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Dan’s day in the mountains

June 17, 2012

Snow! Which, I know you’re not supposed to eat (why is that?) but we all snarf heartily like it’s got some mineral we’re deficient in.

Dan got the go-ahead to orchestrate the agenda for Father’s Day. “Anything you want!” I told him, “as long as it includes us.” (Because in the midst of the clusterfuck of packing for my birthday camping trip last weekend we were all so exasperated with each other, I thought for a moment, maybe Dan and the kids could go spend the weekend in the mountains, and I’ll just stay home alone with the irish cream and elk sausage). Incidentally, “anything you want” does not include being all packed up in the truck by 6am (when the elk are, you know, active) but still, by 8am, we were here.

Hiking with the kids is a funny thing. If there are other kids along (and grasshopper-eating contests), Col and Rose could hike to California without even noticing. But if it’s just our family, you’d think we’d asked them to march barefoot to a refugee camp for how they hobble along wearily in the most gorgeous country I’ve ever seen.

Globeflower, what big stamens you have.

Old man on the mountain, with lepidoptera friends. Now that me and Dan are both 40, I’m thinking of calling him “my old man.”

Alpine thistle (native); one of the coolest, wackiest plants in the San Juans.

Rose in the corn husk lily. 

Corn husk lily – top view. Poisonous.

A lot of people falsely call this plant skunk cabbage (which does not grow around here). Here’s a fun summer game for you (if you’re local). We’re well into a drought season here in Southwest Colorado. Ten years ago when there was a big drought (and a big fire that smoked out Durango for over a month), Dan and I found one lone solitary corn husk lily blooming all summer (in the Weminuche Wilderness). Let me know if you see any blooming this summer. This is called The Summer Plant Nerd Games.

Anemone multifida – swoon.

Parry’s primrose, a pleasantly stinky flower.

The real reason for the expedition was to retrieve this pipe that Dan found on the side of the road last week on a hike. He was feeling guilty for being out on this hike when the root cellar needed digging, and then he found this pipe, this perfect pipe to ventilate the root cellar. Amazing how life works when you follow your heart.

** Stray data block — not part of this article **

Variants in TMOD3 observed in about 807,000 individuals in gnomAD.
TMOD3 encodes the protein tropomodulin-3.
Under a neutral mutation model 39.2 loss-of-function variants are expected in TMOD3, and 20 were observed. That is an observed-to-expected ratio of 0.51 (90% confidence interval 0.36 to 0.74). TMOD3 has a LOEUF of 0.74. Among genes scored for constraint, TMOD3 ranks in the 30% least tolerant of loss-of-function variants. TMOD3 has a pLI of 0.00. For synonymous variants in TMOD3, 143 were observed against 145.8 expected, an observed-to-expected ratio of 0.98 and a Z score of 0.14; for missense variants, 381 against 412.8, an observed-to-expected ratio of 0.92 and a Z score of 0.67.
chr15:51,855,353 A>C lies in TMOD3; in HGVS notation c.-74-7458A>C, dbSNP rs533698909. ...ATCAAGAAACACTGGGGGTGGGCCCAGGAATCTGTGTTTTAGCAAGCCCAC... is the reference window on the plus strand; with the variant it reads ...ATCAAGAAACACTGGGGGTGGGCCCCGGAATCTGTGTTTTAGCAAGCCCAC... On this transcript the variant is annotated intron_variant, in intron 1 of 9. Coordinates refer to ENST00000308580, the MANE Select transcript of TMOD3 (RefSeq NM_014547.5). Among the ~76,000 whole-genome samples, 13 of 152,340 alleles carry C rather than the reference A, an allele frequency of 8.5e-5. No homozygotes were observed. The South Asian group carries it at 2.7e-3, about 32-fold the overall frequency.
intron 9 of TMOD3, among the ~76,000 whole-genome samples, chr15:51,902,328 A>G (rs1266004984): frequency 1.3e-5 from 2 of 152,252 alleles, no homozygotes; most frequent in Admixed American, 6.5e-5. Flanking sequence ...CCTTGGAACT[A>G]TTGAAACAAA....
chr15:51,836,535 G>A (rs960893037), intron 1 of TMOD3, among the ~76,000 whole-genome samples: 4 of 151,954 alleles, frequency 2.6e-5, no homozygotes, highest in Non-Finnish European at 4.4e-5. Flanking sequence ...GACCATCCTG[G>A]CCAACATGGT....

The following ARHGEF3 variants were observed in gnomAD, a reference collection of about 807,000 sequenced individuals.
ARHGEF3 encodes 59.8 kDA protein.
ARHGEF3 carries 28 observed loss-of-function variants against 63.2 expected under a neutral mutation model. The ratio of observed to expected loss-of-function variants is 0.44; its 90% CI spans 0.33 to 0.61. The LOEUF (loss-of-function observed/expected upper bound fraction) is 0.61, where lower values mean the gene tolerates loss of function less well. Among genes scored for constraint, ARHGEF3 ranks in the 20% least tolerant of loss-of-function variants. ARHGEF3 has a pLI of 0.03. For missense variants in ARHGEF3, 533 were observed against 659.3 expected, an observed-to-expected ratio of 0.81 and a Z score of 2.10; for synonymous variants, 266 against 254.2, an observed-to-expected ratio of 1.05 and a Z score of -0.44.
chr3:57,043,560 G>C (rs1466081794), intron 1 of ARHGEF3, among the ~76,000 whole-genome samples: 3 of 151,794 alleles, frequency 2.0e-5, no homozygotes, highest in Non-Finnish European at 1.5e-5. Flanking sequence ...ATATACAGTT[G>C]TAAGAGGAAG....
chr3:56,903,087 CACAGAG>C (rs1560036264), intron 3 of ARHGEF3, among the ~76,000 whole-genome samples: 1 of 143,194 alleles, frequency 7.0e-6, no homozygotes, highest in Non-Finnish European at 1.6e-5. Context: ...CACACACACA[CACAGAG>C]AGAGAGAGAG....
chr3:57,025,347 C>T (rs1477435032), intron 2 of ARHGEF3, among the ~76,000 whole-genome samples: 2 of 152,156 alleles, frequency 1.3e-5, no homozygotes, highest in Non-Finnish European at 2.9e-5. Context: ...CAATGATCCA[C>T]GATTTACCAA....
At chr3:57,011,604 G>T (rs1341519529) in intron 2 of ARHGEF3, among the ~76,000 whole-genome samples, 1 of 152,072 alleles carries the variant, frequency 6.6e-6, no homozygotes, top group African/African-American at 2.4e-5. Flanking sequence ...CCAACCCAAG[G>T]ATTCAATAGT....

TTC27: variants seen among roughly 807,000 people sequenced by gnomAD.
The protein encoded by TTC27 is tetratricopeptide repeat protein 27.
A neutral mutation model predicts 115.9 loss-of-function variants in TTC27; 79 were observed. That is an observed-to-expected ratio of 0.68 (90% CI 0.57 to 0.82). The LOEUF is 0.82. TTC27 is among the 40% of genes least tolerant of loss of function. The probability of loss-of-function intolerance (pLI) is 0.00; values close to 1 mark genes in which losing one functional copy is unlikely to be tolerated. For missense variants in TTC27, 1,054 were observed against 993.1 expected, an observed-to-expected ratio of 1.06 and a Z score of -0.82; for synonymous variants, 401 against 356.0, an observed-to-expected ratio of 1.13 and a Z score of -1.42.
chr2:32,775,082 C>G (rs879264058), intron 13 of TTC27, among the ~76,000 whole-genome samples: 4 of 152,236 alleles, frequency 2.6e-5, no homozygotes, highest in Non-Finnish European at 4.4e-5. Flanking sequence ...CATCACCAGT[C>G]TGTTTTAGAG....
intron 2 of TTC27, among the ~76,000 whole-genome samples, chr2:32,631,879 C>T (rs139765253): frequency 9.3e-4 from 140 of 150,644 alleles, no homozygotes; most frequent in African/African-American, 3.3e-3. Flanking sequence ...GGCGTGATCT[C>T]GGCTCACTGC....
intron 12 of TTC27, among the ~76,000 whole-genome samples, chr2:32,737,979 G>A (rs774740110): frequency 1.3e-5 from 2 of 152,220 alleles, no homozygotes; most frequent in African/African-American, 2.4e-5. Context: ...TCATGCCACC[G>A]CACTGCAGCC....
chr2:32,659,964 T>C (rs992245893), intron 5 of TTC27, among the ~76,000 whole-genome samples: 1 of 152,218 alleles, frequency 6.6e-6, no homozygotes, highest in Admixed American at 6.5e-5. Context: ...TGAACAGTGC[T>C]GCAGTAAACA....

Behold, the pipe.

And then we made sushi for dinner. (And I’m about to mack on the cold leftovers right now).

Happy Father’s Day to all the Daddies.

* side note: on Tuesday, July 31st I’m teaching a plant identification class at Durango Natural Foods. We’ll talk stamens and pistils and ovate vs obovate leaves. More details to come.

ps: fun Father’s Day shenanigans from last year

pps: the kids can pretend to not like hiking, or that they need a snack every 5 minutes, but I know these places, these experiences are seeping into their very bones, cementing themselves forever.

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16 Comments leave one →
  1. ellen884 permalink
    June 17, 2012 10:01 pm

    Wonderful flower and mountain photos. Great way to spend fathers day!

  2. Chris permalink
    June 17, 2012 10:39 pm

    Looks like you all had a wonderful day. Thanks for the pic of the alpine wildflowers- Parry’s primrose is my favorite.

  3. June 18, 2012 1:18 am

    Corn Husk Lily? Oh, my. Looks like something out of Thumbelina. What insanely awesome mountain pics. Love how your man loves the mountains (and you). Such a sweet bit with sushi, too. Unexpected. My man’s plan involved the sea and the sailboat. Perfect, even though it rained with fog and wind.
    I hope you print that third picture. I love it so.

  4. June 18, 2012 6:30 am

    this makes me miss the mountains so much…(from here in o-hi-o) and you’re right – keep hiking with your kids! it will become something they expect and love to do!!! mine do still complain occasionally, but more often they’re the ones suggesting that “um, maybe getting out for a hike might help us all get into better moods?” and they’re right. when they were really wee, they used to get down the trail by collecting things – mostly acorns – and telling themselves or each other stories. i’ve managed to complete a hike many times by being a mother hedgehog…no kidding.

  5. Megan permalink
    June 18, 2012 6:56 am